In recent months, Manila has moved to fully reinstate security ties and rebuild trust with Washington in a vigorous attempt to deter Beijing. Steps include a series of high-level visits; the restoration of wide-ranging defense agreements; Manila’s full endorsement of the AUKUS security pact joining Australia, Britain, and the United States; the reestablishment of the Philippines-United States Bilateral Strategic Dialogue; and expanded joint military exercises next year.

What caused the change? It’s possible that Duterte feels a bit jilted. His warm embrace of China never produced the results he expected. He hoped, for instance, that he would be able to strike a deal on joint exploration of disputed regions in the South China Sea (known in Manila as the West Philippine Sea) and leverage Beijing’s massive infrastructure and investment plan, the Belt and Road Initiative, to support his own “Build! Build! Build!” infrastructure plan. Yet now Duterte has less than a year left in office—his single six-year term ends in June 2022, as required by the Philippine Constitution—and none of those dreams has come to fruition.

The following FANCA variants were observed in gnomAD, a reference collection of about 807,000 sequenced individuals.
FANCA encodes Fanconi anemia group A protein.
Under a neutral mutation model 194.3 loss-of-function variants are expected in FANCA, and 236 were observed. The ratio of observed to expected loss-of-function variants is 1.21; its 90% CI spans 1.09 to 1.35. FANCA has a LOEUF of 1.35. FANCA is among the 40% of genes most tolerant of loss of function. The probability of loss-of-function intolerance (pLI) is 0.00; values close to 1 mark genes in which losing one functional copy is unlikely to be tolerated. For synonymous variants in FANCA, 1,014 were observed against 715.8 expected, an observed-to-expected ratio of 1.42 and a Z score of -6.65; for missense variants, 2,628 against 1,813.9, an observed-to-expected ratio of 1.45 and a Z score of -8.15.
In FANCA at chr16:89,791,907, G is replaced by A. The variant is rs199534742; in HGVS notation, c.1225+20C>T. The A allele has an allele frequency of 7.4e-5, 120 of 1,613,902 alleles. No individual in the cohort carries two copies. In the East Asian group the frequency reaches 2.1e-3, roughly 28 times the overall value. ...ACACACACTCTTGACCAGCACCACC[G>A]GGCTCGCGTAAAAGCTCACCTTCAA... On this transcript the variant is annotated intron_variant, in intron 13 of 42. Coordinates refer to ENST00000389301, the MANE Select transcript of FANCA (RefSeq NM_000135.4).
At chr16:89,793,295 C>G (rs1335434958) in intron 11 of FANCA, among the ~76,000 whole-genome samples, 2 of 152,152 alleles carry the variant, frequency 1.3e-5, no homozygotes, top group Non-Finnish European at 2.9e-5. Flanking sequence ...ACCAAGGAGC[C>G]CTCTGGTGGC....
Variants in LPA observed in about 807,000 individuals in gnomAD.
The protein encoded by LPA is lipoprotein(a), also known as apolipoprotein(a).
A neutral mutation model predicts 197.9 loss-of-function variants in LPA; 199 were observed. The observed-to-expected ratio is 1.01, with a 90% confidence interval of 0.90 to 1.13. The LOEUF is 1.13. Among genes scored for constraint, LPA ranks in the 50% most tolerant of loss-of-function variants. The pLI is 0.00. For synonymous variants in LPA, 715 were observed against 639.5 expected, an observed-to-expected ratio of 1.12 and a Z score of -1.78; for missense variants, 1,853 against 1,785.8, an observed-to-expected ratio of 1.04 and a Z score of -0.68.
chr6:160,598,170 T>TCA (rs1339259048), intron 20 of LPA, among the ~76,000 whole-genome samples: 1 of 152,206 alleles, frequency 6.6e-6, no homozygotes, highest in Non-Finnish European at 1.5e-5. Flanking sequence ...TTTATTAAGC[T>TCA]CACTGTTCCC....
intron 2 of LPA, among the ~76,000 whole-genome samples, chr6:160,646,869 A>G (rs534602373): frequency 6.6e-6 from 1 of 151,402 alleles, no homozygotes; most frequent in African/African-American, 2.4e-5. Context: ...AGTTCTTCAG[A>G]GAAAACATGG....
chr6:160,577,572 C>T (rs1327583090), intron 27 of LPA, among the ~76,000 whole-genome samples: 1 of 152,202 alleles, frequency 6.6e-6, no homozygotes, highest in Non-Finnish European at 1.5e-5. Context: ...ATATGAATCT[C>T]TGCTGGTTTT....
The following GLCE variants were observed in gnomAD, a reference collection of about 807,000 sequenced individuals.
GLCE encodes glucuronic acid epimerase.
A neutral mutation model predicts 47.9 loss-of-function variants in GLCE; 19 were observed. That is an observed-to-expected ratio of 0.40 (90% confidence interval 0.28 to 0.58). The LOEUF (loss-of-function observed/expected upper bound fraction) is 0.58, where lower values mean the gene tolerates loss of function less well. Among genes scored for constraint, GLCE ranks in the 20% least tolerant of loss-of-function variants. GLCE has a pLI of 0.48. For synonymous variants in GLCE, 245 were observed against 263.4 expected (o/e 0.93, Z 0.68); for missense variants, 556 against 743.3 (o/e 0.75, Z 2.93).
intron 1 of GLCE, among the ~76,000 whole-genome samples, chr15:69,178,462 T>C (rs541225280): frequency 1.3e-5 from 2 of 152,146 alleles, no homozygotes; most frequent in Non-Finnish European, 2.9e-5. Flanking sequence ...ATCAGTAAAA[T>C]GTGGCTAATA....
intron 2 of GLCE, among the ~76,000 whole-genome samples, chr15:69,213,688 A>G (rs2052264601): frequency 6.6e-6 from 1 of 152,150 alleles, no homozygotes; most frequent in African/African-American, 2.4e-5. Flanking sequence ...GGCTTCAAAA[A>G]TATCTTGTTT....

To make matters worse, in recent years Beijing has amped up its assertiveness in the South China Sea. In 2019 and early 2020, China encircled the Philippines’ Thitu Island (also known as Pag-asa) with hundreds of militia boats, apparently to prevent Philippine authorities from upgrading the island’s runway and making other infrastructure improvements. Then in January this year, China authorized its coast guard to fire upon foreign vessels as needed, and in March it moored more than 200 Chinese fishing boats—many of which were likely maritime militia vessels—at the disputed Whitsun Reef.

These incidents tremendously complicated Duterte’s China-friendly approach and made outreach to Washington more appealing.

Duterte would never have authorized endorsement of AUKUS if he were not fully committed to shredding his own China engagement policy.

At a time of heightened superpower tension in Asia, when top U.S. officials are warning of the possibility that China could invade Taiwan, and as China becomes more assertive in its claims over disputed territories, Duterte’s shift away from Beijing could have significant implications. For the United States, access to Philippine military bases is vital to deterring Chinese aggression in the South China Sea, in particular, and Asia more generally. That access was threatened while Duterte flirted with China and scorned the United States; now, ties with the United States are again being reinforced.